• Listing things that make me sick; just found that one out, something about reliving it all…

This is just a short list that is experienced across the board in women who suffer from Hyperemesis Gravidarum. The weightloss that accompanies it is due to throwing up anywhere from 3-60 times a day. As a woman who has experienced Hyperemesis Gravidarum in every successful pregnancy I’ve had, nothing stays down, including the typical morning sickness cures like ginger or medicines like Diclegis. In fact, there is no anti nausea medication that prevents the vomiting caused by HG all together, however there are a few on the market that are known to help ease up the symptoms. For me, Zofran (ondansetron) was a major help in decreasing the severity of the illness, although it is known to cause constipation, especially in pregnant women. Another one that really helped me was Phenergan (promethazine), however it is also sedating, so although it was my first choice for my first pregnancy, it was not ideal for my latest pregnancy when I had two other toddlers running around who needed to be taken care of (as much as I can do for them at the moment.)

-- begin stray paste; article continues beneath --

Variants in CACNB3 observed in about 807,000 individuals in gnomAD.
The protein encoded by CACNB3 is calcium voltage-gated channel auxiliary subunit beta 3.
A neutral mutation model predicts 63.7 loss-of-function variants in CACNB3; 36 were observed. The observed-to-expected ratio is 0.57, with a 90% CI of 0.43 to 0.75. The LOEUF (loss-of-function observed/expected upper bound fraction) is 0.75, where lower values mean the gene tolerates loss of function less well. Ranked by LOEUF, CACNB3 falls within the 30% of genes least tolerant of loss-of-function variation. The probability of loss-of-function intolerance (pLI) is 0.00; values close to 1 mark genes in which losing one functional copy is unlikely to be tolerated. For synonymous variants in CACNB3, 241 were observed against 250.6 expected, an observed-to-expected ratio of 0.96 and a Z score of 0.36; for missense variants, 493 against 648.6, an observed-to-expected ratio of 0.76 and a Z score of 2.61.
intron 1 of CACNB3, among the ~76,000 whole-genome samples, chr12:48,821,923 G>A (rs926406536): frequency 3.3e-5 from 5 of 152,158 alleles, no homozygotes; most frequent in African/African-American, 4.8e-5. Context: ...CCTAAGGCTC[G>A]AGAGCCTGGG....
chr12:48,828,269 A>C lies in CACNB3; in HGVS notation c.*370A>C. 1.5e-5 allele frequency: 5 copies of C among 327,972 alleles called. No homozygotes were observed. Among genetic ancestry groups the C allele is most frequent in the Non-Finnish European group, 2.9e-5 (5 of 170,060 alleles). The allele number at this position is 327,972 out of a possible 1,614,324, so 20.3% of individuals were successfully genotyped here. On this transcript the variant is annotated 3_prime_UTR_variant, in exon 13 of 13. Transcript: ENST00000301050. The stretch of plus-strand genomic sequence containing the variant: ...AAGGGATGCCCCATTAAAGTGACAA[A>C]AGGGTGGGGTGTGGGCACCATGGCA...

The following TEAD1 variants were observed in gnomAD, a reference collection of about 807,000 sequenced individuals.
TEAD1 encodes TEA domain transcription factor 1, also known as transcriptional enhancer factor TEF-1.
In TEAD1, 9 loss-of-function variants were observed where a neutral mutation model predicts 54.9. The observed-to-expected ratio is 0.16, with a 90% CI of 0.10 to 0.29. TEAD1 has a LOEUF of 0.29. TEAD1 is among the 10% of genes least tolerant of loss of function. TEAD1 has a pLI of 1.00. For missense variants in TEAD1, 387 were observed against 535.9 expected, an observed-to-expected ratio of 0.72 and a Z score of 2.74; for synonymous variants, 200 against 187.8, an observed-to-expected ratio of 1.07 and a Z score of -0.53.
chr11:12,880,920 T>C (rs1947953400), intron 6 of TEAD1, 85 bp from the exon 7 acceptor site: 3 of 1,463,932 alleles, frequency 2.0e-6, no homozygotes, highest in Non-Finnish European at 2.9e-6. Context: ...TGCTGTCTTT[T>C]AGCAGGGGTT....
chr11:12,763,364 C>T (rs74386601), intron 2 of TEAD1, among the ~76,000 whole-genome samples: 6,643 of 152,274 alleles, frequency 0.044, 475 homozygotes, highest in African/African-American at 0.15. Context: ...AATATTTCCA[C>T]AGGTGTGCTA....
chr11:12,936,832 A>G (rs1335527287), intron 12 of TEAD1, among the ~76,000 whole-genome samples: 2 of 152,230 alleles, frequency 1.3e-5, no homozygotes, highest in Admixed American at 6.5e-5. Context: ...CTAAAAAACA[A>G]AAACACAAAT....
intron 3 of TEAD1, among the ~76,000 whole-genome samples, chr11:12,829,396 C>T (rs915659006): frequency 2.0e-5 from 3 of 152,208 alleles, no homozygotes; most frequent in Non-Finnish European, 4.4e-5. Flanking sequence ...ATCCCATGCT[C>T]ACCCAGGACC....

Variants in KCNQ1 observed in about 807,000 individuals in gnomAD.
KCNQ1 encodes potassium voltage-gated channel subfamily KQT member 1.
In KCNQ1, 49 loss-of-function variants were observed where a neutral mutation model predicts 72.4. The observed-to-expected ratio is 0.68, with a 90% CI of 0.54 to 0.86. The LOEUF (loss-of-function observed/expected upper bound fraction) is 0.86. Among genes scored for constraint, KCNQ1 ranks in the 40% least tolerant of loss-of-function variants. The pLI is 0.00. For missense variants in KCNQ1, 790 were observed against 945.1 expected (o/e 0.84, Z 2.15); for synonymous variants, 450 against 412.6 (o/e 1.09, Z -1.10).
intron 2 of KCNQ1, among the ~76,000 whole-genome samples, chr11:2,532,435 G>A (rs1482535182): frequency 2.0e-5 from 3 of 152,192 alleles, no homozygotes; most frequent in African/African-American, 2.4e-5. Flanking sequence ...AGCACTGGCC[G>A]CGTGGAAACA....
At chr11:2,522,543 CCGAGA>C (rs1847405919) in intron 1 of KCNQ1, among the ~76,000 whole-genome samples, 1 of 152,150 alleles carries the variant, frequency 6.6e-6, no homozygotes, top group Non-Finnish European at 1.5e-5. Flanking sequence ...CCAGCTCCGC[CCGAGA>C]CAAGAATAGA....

Something that was frustrating to me was being the only person I knew who had this during pregnancy, so I had no one to relate to. It was also hard to take the advice from others who kept insisting I try real ginger products or those who SWEAR by the Seabands they used for their morning sickness. Believe me, I’ve already tried ALL the nausea basics, and then some. It’s not their fault though, a lot of people simply don’t know how bad HG truly is, let alone that it even exists. 

As a matter of fact, it’s not uncommon for a pregnant woman suffering from this rare illness to be written off, dubbed mentally ill, or even branded with an “eating disorder” by their Obstetric healthcare professionals who have never experienced the illness and do not know or deny the existence of this very real condition. Women who find themselves in this situation should seek a new provider ASAP. Luckily my doctor was educated on the matter and actually diagnosed me in my first pregnancy.